Is Cheating Worse than Last Year?


Megan Cornell

Students use Google Translate and other online services to cheat during class.

Last year, the Knight Errant reported on an uptick of cheating as classes went online during the pandemic. Even as students have returned to entirely in-person classes, the cheating epidemic has continued. If anything, it’s worse.

During online school, many students relied on cheating to achieve good grades. Teachers would administer tests on zoom, and even turn students away to work on tests at home. This made it easy for students to google answers, use notes, or video call with other students in the class.

“I think the first year when we went online, which was 2020, people kind of dabbled in it. Then I think last year more people took advantage of it. But then I think this year, it’s become rampant because people who started doing it have relied upon it. And so I think it’s become almost, you know, pandemic levels. Because it’s not just happening in one class or two classes. It’s happening for some kids across the board and every single class,” Spanish teacher Mary Murray said.

Even with the transition back into in-person education, cheating hasn’t stopped. Teachers suspect that last year, kids developed poor study habits that have carried over into this year. When students are at school in-person, they learn about time management, prioritizing different assignments, and preparing for exams.

“When you’re in school, you’re not only learning content, you’re learning study skills, you’re learning grit, you’re learning how to keep going. You’re learning how to kind of fall on your face and get up and figure it out. And for some reason, in these two years, or however long it’s been with COVID that has become second tier importance,”Science teacher Lisa Bargas said.

In tandem with worsening study skills, students face intense academic pressure. For some students, the fear of getting a bad grade is worse than the fear of being caught for cheating. “I think it’s fear of not getting a good grade. … Maybe it’s fear of being thought of as not smart. I think there’s almost even this value judgment that people make about themselves. If I don’t get an A on this test, somehow I’m less than and that’s it,” Bargas said.

Some departments, like the English department, have had greater success in stopping cheating.
“Myself and other teachers in our departments have put in some safeguards to prevent cheating, especially on tests. If that means making multiple versions of the same test, but also holding kids more accountable to using websites like It’s also prevented a lot of people or dissuaded a lot of people from wanting to cheat as well,” English teacher Keanan Faruq said.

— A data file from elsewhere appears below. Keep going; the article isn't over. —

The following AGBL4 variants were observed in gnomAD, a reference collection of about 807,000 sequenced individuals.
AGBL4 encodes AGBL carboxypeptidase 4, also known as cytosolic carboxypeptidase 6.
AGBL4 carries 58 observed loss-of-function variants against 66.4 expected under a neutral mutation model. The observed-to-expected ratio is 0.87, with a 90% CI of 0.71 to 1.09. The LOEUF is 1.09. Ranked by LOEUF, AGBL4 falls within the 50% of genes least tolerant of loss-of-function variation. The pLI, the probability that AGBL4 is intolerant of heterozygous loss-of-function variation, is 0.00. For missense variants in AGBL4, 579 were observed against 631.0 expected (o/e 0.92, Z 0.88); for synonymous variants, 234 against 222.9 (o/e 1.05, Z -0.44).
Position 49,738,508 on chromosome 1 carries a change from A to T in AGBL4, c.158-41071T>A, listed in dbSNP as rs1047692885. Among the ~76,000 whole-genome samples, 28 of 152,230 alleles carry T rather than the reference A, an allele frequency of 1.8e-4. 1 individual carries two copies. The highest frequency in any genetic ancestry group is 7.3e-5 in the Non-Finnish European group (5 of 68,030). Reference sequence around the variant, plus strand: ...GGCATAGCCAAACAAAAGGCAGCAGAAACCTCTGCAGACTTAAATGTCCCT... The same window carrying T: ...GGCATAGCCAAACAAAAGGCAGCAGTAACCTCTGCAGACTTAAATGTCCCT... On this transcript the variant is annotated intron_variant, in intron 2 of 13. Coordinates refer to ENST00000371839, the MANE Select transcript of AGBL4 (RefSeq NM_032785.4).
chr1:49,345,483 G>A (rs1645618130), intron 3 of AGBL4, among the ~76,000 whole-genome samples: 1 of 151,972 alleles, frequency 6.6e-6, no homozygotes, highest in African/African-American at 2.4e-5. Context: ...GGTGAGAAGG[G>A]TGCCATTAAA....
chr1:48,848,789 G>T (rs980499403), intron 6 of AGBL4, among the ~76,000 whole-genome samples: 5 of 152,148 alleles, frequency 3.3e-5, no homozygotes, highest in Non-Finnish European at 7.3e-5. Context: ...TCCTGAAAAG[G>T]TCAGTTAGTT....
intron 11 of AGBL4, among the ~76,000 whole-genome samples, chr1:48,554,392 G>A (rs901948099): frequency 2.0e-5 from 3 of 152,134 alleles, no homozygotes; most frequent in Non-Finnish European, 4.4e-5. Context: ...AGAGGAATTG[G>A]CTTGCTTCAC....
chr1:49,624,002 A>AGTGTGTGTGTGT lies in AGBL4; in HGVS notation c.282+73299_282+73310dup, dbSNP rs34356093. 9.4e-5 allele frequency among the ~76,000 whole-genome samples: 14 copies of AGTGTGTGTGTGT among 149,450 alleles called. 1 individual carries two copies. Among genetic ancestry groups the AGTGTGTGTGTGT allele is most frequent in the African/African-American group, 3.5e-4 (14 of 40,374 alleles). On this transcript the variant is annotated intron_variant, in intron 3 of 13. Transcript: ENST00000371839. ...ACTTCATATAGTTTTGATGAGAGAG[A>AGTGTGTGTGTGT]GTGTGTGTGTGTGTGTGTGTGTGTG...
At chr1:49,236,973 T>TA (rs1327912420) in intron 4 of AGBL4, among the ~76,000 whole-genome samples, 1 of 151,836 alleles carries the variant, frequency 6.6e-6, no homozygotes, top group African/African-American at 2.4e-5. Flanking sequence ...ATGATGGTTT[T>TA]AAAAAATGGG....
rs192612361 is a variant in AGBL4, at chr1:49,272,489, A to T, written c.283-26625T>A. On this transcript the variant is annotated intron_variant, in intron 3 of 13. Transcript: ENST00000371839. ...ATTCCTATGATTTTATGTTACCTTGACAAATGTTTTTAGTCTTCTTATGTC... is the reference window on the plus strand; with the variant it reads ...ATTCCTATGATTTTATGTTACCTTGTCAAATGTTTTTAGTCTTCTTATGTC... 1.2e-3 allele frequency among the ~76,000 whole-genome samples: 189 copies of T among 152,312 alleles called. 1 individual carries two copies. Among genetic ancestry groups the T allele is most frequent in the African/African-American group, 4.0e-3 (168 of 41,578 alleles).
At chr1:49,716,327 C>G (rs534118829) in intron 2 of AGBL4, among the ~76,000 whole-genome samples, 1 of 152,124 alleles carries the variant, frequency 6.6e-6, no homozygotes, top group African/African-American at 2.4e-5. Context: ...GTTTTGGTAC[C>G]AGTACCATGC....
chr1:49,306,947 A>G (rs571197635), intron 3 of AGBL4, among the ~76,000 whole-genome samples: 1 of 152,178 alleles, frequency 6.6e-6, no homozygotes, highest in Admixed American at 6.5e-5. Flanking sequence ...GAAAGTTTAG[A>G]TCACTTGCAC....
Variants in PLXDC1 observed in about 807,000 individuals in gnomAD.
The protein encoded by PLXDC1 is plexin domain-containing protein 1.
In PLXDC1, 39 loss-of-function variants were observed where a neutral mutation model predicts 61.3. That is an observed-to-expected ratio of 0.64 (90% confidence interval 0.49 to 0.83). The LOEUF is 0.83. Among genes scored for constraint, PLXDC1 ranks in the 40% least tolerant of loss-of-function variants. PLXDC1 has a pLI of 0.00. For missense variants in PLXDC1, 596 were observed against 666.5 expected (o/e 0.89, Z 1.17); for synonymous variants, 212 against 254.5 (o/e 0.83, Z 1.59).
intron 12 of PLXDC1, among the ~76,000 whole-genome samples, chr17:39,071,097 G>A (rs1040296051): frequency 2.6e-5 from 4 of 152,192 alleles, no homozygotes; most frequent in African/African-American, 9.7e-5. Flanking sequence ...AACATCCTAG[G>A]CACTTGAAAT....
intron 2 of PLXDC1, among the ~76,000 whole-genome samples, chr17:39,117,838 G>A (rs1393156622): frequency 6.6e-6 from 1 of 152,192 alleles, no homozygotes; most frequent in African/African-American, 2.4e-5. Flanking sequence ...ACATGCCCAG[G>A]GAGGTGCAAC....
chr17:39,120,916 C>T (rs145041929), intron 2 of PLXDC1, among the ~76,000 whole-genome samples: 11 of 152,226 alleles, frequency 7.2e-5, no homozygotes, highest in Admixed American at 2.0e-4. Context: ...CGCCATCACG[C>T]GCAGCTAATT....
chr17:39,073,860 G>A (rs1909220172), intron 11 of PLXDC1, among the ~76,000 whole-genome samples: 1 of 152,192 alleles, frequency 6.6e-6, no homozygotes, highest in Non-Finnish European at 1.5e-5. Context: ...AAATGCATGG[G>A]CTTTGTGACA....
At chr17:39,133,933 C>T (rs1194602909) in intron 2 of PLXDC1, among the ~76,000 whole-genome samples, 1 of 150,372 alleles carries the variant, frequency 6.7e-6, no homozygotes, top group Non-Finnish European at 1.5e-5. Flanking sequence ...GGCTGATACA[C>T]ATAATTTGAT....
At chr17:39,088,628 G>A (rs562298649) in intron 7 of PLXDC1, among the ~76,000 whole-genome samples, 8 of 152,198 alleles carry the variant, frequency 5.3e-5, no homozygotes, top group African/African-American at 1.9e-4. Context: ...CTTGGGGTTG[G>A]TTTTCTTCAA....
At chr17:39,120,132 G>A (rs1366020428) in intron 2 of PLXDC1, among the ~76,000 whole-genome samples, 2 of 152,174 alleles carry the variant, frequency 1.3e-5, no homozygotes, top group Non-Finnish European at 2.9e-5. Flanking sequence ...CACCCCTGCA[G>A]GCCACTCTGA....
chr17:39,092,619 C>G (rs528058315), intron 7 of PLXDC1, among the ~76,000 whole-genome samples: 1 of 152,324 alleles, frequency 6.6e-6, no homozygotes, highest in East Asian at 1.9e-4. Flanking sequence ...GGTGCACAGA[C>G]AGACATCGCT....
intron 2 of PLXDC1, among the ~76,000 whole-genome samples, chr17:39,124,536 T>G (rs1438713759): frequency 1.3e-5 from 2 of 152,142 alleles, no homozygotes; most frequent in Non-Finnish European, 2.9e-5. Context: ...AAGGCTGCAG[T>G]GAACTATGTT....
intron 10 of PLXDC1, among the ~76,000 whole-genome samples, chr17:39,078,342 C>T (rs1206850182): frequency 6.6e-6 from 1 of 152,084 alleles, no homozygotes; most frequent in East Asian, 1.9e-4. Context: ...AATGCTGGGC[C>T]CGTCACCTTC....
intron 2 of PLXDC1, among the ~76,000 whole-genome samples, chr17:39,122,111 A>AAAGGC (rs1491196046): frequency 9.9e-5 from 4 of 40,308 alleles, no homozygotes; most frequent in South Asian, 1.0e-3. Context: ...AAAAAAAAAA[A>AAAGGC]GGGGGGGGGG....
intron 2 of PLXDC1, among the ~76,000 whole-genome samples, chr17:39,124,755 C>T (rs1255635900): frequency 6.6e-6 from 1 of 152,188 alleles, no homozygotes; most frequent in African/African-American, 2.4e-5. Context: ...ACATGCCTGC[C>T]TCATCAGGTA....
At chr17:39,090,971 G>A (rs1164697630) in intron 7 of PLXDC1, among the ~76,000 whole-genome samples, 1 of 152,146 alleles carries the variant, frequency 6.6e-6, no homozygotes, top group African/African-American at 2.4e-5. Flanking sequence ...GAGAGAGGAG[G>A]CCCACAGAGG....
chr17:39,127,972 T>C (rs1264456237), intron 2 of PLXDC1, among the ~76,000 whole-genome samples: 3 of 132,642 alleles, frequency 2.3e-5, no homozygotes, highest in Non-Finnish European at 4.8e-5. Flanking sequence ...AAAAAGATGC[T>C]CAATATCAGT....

Right now, the punishment for cheating is primarily up to teacher discretion. Some teachers choose to write students up or give zeros for cheating, while others offer opportunities for retakes and points back.

To combat the cheating, BSM principal Stephanie Nitchals is rewriting the student handbook to crack down on academic dishonesty. The policy will be more standard, with a tier system of behavior similar to the one used in junior high.

“We’re going to use something similar to what the Junior High is using –a tiered system for discipline. So a tier one, tier two to tier three…It still depends on what the situation is. If you’re cheating on a major assignment, that would be a tier two [infraction] and then if you had more than two of those in your high school career, you would be asked to leave BSM,” Nitchals said.

Although a harsher penalty might be effective, to completely stop cheating students need a mindset switch. In recent years, teachers agree that students are focusing more on grades and less on learning, creating academic pressure that sometimes leads students to cheat. Teaching students that it is more important to do your best than to cheat is important in stopping the problem from its root.

“You know, I say this without judgment. I think things need to be reframed. And the reframing is in learning the material versus getting the grade … There is a certain amount of honor and a certain amount of pride I think in doing your best work, your very best work no matter where you land, if you know you did the best you could. … I think doing the best you can versus doing nothing and cheating to get an A. I mean, I look at those two things extremely differently. This shows character and determination and perseverance,” Bargas said.